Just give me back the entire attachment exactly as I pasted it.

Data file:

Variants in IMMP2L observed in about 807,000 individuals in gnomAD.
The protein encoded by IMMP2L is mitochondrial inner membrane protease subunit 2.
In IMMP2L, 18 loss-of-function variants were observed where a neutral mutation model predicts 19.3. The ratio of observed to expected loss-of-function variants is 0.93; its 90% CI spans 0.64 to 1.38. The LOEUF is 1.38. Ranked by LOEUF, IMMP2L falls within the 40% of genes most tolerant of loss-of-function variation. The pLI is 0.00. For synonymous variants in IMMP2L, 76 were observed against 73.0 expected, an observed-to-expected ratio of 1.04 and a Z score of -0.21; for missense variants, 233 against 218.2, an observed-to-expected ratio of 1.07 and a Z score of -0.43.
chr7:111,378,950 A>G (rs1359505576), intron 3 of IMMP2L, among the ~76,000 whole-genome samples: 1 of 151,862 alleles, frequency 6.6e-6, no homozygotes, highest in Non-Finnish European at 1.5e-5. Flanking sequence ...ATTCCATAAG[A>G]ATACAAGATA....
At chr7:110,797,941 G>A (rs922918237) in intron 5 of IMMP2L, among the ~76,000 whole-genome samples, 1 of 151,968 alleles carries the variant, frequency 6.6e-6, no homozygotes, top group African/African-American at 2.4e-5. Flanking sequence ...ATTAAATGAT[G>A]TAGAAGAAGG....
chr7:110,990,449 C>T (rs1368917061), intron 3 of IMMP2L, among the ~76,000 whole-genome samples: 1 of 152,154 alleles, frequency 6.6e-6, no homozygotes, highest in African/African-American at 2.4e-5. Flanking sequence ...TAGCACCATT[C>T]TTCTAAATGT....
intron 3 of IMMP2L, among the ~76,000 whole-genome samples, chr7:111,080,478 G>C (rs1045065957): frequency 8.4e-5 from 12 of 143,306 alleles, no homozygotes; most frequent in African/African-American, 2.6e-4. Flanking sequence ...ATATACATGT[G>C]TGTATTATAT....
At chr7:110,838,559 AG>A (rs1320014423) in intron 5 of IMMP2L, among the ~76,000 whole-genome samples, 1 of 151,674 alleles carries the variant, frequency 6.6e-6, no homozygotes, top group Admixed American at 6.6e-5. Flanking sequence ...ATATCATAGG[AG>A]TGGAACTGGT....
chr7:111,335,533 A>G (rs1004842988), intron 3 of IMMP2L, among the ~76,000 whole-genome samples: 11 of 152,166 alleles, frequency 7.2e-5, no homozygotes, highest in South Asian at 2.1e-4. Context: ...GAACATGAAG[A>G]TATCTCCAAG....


Variants in IMMP2L observed in about 807,000 individuals in gnomAD.
The protein encoded by IMMP2L is mitochondrial inner membrane protease subunit 2.
In IMMP2L, 18 loss-of-function variants were observed where a neutral mutation model predicts 19.3. The ratio of observed to expected loss-of-function variants is 0.93; its 90% CI spans 0.64 to 1.38. The LOEUF is 1.38. Ranked by LOEUF, IMMP2L falls within the 40% of genes most tolerant of loss-of-function variation. The pLI is 0.00. For synonymous variants in IMMP2L, 76 were observed against 73.0 expected, an observed-to-expected ratio of 1.04 and a Z score of -0.21; for missense variants, 233 against 218.2, an observed-to-expected ratio of 1.07 and a Z score of -0.43.
chr7:111,378,950 A>G (rs1359505576), intron 3 of IMMP2L, among the ~76,000 whole-genome samples: 1 of 151,862 alleles, frequency 6.6e-6, no homozygotes, highest in Non-Finnish European at 1.5e-5. Flanking sequence ...ATTCCATAAG[A>G]ATACAAGATA....
At chr7:110,797,941 G>A (rs922918237) in intron 5 of IMMP2L, among the ~76,000 whole-genome samples, 1 of 151,968 alleles carries the variant, frequency 6.6e-6, no homozygotes, top group African/African-American at 2.4e-5. Flanking sequence ...ATTAAATGAT[G>A]TAGAAGAAGG....
chr7:110,990,449 C>T (rs1368917061), intron 3 of IMMP2L, among the ~76,000 whole-genome samples: 1 of 152,154 alleles, frequency 6.6e-6, no homozygotes, highest in African/African-American at 2.4e-5. Flanking sequence ...TAGCACCATT[C>T]TTCTAAATGT....
intron 3 of IMMP2L, among the ~76,000 whole-genome samples, chr7:111,080,478 G>C (rs1045065957): frequency 8.4e-5 from 12 of 143,306 alleles, no homozygotes; most frequent in African/African-American, 2.6e-4. Flanking sequence ...ATATACATGT[G>C]TGTATTATAT....
At chr7:110,838,559 AG>A (rs1320014423) in intron 5 of IMMP2L, among the ~76,000 whole-genome samples, 1 of 151,674 alleles carries the variant, frequency 6.6e-6, no homozygotes, top group Admixed American at 6.6e-5. Flanking sequence ...ATATCATAGG[AG>A]TGGAACTGGT....
chr7:111,335,533 A>G (rs1004842988), intron 3 of IMMP2L, among the ~76,000 whole-genome samples: 11 of 152,166 alleles, frequency 7.2e-5, no homozygotes, highest in South Asian at 2.1e-4. Context: ...GAACATGAAG[A>G]TATCTCCAAG....